JGL: I must apologize but I’ve only just heard about you through my review of Peter Leitch’s New Life Orchestra where you are the featured player in the Guitar chair as it were. Your playing on that album is sublime and fits right in. How did this project come about for you and were there any specific or general challenges faced when getting the notes from paper to tape? Also…was Peter a harsh taskmaster? Just kidding around! 🙂
PR: Thanks! That’s totally understandable you hadn’t come across me, as most of my career was on the other side of the world. I’m happy you found me now! The connection with Peter came about through our mutual friend, Jed Levy who I mentioned earlier. Peter was looking for someone to take the guitar chair and Jed recommended me when Peter was first forming the band and music. I guess he must have liked it, because I ended up doing gigs and was then very happy to go on to play on the album.
In answer to the last part of your question, ha ha, no comment of course, but he certainly had some very specific things he wanted me to do which were challenging. Having said that, he also allowed me great freedom to be myself too, which was very nice. There were also many other musicians in the ensemble which I admired, such as Steve Wilson to name just one, which my involvement with the project allowed me to connect with, so it was a very enjoyable experience all round. I was of course also always aware that Peter was a great guitarist, but I tried to put that out of my mind when I was playing and do as I do. I really hope he’s able to develop it further and tour etc as it’s a great musical venture and he deserves to do so.
JGL: Apart from playing on Peter’s project you have also played with a bevy of top-shelf musicians like Dame Cleo Laine, Steve Lacy, Big John Patton, Wayne Krantz, Billy Hart, Kenny Wheeler, fellow Canadian Ingrid Jensen, Bob Brookmeyer and Dave Liebman to name just a “few” off of a very long list!! What were the challenges in garnering a reputation to get to play with such heavy-hitters and are there any take-aways you’d like to share with us?
PR: All I ever wanted to do was get deeper into the music and keep developing, so I put myself in as many of those situations as possible. As I touched on earlier, I never had any plan, other than to keep going, but I always sort out environments which were not always the easy path, such as moving to NYC at age 45! I believe in the old ideal of striving to find my own voice in the most honest way possible, by whatever means, so that is what I’d advise younger players to do and “Don’t believe the Hype”!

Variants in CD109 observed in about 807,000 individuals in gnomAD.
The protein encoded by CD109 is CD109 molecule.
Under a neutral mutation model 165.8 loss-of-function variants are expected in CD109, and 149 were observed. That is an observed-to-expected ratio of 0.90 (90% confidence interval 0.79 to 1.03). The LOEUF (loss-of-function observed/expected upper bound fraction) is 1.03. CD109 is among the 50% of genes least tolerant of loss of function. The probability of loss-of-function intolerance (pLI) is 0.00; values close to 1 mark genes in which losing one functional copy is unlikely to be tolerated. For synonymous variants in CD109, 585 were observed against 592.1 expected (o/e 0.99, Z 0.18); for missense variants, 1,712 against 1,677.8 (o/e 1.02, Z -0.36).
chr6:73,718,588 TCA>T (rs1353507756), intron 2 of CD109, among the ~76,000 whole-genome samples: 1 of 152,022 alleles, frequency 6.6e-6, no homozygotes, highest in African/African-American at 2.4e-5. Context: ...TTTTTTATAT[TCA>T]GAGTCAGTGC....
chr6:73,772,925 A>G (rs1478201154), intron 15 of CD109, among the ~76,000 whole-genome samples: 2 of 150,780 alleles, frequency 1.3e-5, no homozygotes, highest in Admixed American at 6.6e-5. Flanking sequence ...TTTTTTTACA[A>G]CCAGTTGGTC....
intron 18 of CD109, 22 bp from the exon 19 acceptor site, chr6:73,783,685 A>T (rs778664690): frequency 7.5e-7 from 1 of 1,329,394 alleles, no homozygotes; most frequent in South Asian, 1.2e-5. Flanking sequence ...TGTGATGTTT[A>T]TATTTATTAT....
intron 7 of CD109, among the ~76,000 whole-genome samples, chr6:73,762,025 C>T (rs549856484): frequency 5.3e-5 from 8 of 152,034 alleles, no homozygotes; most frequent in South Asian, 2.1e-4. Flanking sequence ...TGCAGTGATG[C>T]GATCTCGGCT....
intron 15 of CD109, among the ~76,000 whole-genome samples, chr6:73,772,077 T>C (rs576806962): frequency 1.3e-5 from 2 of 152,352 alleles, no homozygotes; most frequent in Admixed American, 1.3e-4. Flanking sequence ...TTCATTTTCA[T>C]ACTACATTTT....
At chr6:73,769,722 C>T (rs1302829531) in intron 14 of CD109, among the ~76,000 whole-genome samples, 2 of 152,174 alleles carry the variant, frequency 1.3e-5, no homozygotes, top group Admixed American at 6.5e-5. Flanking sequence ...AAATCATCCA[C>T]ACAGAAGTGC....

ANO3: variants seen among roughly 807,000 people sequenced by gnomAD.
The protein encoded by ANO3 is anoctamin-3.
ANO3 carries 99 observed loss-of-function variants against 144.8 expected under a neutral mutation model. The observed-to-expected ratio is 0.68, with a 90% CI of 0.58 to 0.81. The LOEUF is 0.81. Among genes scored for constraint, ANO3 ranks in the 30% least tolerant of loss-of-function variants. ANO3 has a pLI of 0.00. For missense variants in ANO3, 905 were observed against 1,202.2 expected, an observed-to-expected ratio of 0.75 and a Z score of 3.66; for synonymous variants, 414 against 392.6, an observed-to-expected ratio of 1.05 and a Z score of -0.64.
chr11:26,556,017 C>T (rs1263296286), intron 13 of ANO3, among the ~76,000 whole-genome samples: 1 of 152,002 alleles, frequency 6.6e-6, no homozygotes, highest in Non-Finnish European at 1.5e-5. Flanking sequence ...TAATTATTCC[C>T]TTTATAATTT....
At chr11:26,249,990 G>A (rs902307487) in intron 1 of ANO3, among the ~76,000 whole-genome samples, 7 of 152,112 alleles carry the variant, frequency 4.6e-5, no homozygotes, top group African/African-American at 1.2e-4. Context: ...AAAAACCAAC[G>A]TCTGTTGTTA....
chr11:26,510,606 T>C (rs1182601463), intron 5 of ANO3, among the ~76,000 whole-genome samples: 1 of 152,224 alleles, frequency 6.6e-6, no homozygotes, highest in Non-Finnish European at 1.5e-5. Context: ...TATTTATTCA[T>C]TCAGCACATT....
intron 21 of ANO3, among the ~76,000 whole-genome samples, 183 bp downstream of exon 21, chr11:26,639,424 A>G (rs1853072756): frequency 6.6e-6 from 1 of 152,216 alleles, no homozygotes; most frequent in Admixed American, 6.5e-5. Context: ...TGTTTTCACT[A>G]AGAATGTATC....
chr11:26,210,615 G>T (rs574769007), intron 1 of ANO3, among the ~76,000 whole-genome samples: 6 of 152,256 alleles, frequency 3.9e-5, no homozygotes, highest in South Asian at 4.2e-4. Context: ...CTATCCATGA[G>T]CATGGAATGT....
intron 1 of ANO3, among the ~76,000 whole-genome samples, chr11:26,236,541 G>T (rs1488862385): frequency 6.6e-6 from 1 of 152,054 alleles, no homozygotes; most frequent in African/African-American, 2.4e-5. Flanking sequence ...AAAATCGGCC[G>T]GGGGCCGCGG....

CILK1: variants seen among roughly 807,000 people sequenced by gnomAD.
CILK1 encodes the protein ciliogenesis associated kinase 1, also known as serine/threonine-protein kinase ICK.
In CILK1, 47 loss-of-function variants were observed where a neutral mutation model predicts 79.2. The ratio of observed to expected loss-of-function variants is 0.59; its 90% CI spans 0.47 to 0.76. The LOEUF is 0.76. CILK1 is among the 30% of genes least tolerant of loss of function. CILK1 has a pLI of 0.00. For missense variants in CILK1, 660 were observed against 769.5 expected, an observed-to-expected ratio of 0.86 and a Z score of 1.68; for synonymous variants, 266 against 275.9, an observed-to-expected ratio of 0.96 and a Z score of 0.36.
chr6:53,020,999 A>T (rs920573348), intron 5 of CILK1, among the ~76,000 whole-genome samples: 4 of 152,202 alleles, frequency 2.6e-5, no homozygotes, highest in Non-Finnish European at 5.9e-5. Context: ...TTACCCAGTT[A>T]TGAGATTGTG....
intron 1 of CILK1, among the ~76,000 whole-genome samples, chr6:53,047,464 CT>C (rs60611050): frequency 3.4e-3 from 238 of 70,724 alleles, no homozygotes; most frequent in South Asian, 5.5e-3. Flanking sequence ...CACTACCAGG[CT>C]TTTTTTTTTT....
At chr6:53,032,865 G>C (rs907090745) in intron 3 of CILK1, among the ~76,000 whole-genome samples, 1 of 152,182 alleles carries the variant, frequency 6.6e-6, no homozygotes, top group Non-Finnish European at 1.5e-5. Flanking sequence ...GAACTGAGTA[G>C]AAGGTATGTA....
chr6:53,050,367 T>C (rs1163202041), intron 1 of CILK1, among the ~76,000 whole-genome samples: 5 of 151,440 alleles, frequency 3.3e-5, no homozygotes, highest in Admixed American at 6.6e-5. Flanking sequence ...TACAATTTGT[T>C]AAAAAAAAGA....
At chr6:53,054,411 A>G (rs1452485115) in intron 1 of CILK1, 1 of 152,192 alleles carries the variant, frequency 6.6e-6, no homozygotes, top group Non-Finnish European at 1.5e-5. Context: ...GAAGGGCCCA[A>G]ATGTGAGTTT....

JGL: Speaking of heavy-hitters, you had the pleasure – I assume – of accompanying the world renowned Barbara Streisand on the BBC’s Jonathan Ross Show in 2009! Where you a member of the band or were you hired specifically for that gig? Was there a rehearsal or two or were you just given a chart at show time? Either way, what was that experience like and you have you and “Babs” kept in touch? 🙂
PR: Ha ha, strangely, she hasn’t called lately. Maybe she’s got duff broadband like me! It was really a one-off event, but I guess I got selected because of my adaptability, accompanist skills etc. I’d like to think so anyway! It was fun and we did rehearse over a couple of days without her, with just the MD, Tamir Hendelman and the rest of the band. The main reason for that, was that we had actually prepared a very large selection of tunes, even though she actually only chose two in the end out of that big pool of music. She ran the whole lot when she turned up for the ‘dress rehearsal’, which was in many ways the most relaxed and nicest bit of it all. The album she was promoting was with an orchestra, so I’d been copping bits and pieces of the strings stuff etc as well as performing in the conventional guitar role. I had some killer licks prepared for ‘Evergreen’, so I was disappointed she didn’t do it!
JGL: You seem to have found your stride in this business and have done quite well and I assume will continue to do so. How difficult did you find it making a living as a jazz guitar player when you were coming up? Any “tips or tricks” you can lay on those interested in doing the same?
PR: Merci beaucoup monsieur! 🙂 I have been fortunate to be a professional musician, against all odds I guess and I hope I can continue to do so in the future. I’m essentially a gigging musician, so if we can return to some sort of norm in that respect I’ll be happy. If it all switches to online, I’ll lose interest quite quickly I think and head in some new, more simple life direction. I have no tips or tricks I’m afraid.